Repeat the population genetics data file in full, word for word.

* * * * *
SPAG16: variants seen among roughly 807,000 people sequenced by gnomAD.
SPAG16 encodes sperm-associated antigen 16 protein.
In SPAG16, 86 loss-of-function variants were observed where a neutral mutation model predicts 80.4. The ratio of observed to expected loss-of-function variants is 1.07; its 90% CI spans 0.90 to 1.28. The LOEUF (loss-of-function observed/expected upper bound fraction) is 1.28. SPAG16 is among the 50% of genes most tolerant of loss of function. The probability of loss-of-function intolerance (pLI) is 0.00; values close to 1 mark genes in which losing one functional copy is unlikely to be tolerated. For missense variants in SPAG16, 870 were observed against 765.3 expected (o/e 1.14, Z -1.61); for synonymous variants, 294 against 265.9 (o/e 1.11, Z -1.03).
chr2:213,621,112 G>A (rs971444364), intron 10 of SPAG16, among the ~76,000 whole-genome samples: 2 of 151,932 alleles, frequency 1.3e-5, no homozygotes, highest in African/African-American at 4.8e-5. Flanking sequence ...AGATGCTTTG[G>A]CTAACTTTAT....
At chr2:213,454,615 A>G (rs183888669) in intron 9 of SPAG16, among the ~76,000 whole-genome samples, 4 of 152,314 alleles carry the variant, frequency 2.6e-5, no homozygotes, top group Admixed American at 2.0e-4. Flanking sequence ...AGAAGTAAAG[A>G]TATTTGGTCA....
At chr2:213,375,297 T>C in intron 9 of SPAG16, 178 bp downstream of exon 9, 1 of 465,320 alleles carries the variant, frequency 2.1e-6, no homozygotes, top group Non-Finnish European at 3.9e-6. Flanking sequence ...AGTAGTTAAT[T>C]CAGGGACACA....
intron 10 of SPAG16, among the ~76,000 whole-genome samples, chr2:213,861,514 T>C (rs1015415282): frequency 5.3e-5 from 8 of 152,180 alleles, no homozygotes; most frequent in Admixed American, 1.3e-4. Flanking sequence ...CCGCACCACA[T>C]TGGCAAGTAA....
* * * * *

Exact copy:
SPAG16: variants seen among roughly 807,000 people sequenced by gnomAD.
SPAG16 encodes sperm-associated antigen 16 protein.
In SPAG16, 86 loss-of-function variants were observed where a neutral mutation model predicts 80.4. The ratio of observed to expected loss-of-function variants is 1.07; its 90% CI spans 0.90 to 1.28. The LOEUF (loss-of-function observed/expected upper bound fraction) is 1.28. SPAG16 is among the 50% of genes most tolerant of loss of function. The probability of loss-of-function intolerance (pLI) is 0.00; values close to 1 mark genes in which losing one functional copy is unlikely to be tolerated. For missense variants in SPAG16, 870 were observed against 765.3 expected (o/e 1.14, Z -1.61); for synonymous variants, 294 against 265.9 (o/e 1.11, Z -1.03).
chr2:213,621,112 G>A (rs971444364), intron 10 of SPAG16, among the ~76,000 whole-genome samples: 2 of 151,932 alleles, frequency 1.3e-5, no homozygotes, highest in African/African-American at 4.8e-5. Flanking sequence ...AGATGCTTTG[G>A]CTAACTTTAT....
At chr2:213,454,615 A>G (rs183888669) in intron 9 of SPAG16, among the ~76,000 whole-genome samples, 4 of 152,314 alleles carry the variant, frequency 2.6e-5, no homozygotes, top group Admixed American at 2.0e-4. Flanking sequence ...AGAAGTAAAG[A>G]TATTTGGTCA....
At chr2:213,375,297 T>C in intron 9 of SPAG16, 178 bp downstream of exon 9, 1 of 465,320 alleles carries the variant, frequency 2.1e-6, no homozygotes, top group Non-Finnish European at 3.9e-6. Flanking sequence ...AGTAGTTAAT[T>C]CAGGGACACA....
intron 10 of SPAG16, among the ~76,000 whole-genome samples, chr2:213,861,514 T>C (rs1015415282): frequency 5.3e-5 from 8 of 152,180 alleles, no homozygotes; most frequent in Admixed American, 1.3e-4. Flanking sequence ...CCGCACCACA[T>C]TGGCAAGTAA....